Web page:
A lawyer to Nnamdi Kanu, leader of the proscribed Indigenous People of Biafra (IPOB), Ifeanyi Ejiofor has sued the Nigerian Police Force before the Federal High Court.
Recall that the incident that led to the burning of his houses in Anambra a few days after the burial of his elder brother left two Police officer and four youths dead.
This has led to him being declared wanted by the Police for alleged complicity in the murder of some policemen.
The lawyer, in the suit, marked: FHC/ABJ/CS/135/19, filed by a lawyer, Maxwell Okpara, is accusing the security agency, in the fundamental rights enforcement suit, of invading his house and killing of four occupants.
Ejiofor is, therefore, seeking, among others, an order to compelling the defendants to pay him N2 billion as compensation and damages for the burning of his houses and shooting of his aged mother by the police at his Oraifite hometown in Anambra State on December 2 this year.
He listed the Inspector-General of Police, Commissioner of Police, Area Commander, Divisional Police (DPO) in Anambra State, the Nigerian Army, Chief of Army Staff, Federal Republic of Nigeria and the Attorney General of the Federation (AGF) as defendants in the suits.
He also wants the court to restrain the Police or their agents and privies from further harassing, intimidating, threatening his life and destroying his house and other properties.
He is also seeking an order of the court stopping the respondents from threatening him with arrest and torture and to compel them to retract the public notice made on December 3, which declared him wanted and to also tender an apology to him in five major newspapers and any other form of reparation.
In a supporting affidavit, Tthe lawyer who claimed to have been called to bar 17 years ago claimed that he was in his Oraifite hometown in Anambra State between November 25 and December 1, for the burial of his late brother, Reverend Louis Ejiofor.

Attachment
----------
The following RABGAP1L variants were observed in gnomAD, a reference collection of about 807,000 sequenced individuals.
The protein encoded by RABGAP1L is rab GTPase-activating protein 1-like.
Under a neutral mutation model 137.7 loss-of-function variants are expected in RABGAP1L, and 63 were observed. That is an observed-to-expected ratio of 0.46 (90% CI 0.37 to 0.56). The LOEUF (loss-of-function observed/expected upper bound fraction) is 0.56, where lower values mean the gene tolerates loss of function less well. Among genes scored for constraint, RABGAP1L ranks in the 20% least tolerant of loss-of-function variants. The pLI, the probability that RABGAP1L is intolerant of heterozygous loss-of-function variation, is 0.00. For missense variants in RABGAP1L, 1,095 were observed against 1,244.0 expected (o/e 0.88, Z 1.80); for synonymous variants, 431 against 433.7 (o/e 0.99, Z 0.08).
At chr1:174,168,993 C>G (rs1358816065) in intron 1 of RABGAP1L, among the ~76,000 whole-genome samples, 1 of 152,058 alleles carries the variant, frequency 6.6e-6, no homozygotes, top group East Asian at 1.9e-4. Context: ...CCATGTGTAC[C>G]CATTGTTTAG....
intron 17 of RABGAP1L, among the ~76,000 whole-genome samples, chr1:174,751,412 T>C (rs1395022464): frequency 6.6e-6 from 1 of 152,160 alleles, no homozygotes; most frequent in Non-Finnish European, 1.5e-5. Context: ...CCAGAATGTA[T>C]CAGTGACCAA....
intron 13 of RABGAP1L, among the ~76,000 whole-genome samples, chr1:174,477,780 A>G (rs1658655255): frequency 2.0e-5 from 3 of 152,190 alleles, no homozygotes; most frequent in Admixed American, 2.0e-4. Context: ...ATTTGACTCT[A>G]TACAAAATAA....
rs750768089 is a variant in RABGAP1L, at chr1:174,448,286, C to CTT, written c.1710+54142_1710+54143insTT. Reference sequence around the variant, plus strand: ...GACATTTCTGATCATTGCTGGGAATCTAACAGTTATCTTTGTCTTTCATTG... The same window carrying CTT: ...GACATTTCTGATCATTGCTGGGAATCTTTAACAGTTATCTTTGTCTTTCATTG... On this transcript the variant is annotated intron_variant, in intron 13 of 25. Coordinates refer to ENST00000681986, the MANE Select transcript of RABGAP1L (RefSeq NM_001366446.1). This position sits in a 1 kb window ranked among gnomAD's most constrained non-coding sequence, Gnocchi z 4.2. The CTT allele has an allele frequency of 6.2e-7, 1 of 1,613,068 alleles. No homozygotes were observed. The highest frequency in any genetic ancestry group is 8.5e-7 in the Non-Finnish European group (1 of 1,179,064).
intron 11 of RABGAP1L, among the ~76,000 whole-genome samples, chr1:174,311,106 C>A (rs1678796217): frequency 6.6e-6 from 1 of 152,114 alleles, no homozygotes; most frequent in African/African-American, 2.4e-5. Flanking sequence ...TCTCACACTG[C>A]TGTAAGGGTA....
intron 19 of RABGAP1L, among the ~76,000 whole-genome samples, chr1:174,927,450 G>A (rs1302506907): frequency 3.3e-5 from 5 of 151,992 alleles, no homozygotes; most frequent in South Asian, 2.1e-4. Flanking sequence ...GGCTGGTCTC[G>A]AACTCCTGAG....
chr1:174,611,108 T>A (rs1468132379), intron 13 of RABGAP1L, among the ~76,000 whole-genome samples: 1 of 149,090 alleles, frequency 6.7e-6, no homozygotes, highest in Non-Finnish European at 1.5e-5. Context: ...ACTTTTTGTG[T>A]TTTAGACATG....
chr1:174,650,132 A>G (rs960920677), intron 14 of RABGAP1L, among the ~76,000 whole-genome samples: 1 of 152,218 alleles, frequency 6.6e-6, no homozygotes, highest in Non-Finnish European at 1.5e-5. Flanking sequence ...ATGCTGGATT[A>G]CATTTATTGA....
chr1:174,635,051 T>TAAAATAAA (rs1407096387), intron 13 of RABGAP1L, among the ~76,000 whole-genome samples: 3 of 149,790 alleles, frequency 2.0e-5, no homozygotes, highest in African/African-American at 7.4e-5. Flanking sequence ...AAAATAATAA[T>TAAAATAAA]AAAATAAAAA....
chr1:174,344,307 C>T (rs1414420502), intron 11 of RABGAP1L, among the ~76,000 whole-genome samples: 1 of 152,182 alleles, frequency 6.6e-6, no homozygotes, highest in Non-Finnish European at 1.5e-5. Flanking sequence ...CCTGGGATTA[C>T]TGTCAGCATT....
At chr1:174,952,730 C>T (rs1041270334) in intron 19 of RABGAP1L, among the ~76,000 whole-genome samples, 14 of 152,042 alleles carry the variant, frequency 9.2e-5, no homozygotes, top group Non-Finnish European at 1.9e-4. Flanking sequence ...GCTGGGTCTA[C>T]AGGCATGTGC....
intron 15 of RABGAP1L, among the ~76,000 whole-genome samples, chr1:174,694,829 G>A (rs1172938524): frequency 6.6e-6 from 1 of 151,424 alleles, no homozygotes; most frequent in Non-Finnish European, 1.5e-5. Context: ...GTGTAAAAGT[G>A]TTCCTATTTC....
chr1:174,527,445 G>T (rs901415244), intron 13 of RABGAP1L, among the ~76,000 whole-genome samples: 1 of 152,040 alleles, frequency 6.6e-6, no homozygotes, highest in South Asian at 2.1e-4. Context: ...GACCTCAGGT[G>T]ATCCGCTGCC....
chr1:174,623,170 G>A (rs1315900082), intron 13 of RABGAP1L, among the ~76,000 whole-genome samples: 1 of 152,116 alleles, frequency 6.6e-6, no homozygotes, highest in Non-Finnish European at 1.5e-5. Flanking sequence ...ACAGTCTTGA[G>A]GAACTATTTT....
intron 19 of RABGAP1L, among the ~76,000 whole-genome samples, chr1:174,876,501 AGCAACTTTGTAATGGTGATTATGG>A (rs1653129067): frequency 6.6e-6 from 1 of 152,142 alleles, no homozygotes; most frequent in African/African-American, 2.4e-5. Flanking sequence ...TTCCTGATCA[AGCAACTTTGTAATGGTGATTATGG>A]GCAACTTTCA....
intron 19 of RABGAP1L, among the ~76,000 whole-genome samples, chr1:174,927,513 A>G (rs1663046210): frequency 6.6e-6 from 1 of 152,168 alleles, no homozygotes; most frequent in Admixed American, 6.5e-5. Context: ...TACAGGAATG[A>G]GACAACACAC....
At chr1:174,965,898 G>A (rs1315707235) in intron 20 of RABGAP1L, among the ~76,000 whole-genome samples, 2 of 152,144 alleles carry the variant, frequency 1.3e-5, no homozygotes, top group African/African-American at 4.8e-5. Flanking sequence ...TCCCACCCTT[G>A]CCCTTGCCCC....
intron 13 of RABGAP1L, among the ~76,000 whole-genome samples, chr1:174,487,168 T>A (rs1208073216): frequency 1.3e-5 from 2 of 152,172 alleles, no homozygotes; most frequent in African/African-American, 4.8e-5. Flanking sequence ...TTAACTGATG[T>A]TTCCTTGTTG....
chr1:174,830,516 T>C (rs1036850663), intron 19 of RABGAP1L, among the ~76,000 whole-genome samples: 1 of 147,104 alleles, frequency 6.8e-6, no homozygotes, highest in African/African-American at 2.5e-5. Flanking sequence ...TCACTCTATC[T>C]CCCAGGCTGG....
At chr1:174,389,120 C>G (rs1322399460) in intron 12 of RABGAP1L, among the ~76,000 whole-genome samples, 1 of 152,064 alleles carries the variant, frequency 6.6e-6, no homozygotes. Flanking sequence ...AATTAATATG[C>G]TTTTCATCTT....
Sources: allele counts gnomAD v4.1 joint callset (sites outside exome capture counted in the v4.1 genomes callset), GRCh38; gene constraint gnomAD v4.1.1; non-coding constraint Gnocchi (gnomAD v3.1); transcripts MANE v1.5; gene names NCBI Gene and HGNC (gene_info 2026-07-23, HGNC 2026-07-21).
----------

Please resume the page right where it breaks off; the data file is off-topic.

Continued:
His house was still filled with relatives, friends and well-wishers, helping him to evacuate tents, chairs and other materials used for the burial ceremony when a group of 16 policemen on December 2 allegedly invaded his house.
In the affidavit, his senior brother, Evangelist Emeka Ejiofor, further stated, that the police claimed to be looking for suspects involved in an alleged communal clash and that he spoke on phone with the Area Commander promising that he would make himself available on the same day by 11 am.
He stated that by 10.15am, the same police squad led by the Area Commander, came ahead of the appointed time and violently invaded his ancestral home with sporadic shooting at every living object.
“In the confusion that ensued, the plaintiff said that four young men were instantly shot dead while his aged mother sustained gunshot injury from the incident.
“The dead bodies were evacuated from his house to a market place and burnt there,” he said and referred photographs and video clips, which he claimed showed “the wanton destruction of” the plaintiff’s house by the police .
While promising to tender the photographs and video clips during trial, Ejiofor added that on December 3, the Commissioner of Police, Anambra State caused a public notice through television stations and other news media that he had been declared wanted without been given adequate time and opportunity to respond to any allegation against him if any.
He, therefore, wants the court to declare the alleged invasion of his house and subsequent shootings and killing of unarmed civilians as barbaric, wicked, illegal, oppressive and a gross violation of his rights to life, dignity of human person, personal liberty, fair hearing and right to private and family life as guaranteed by the 1999 Constitution.
He is equally praying the court to declare that the setting ablaze of all buildings and properties in his Oraifite ancestral home in Ekwusigo Local Government of Anambra State by the police is illegal, barbaric, oppressive, unlawful and amounted to a gross violation of his rights to property as guaranteed by the constitution.
The case is yet to be assigned to any judge for a hearing.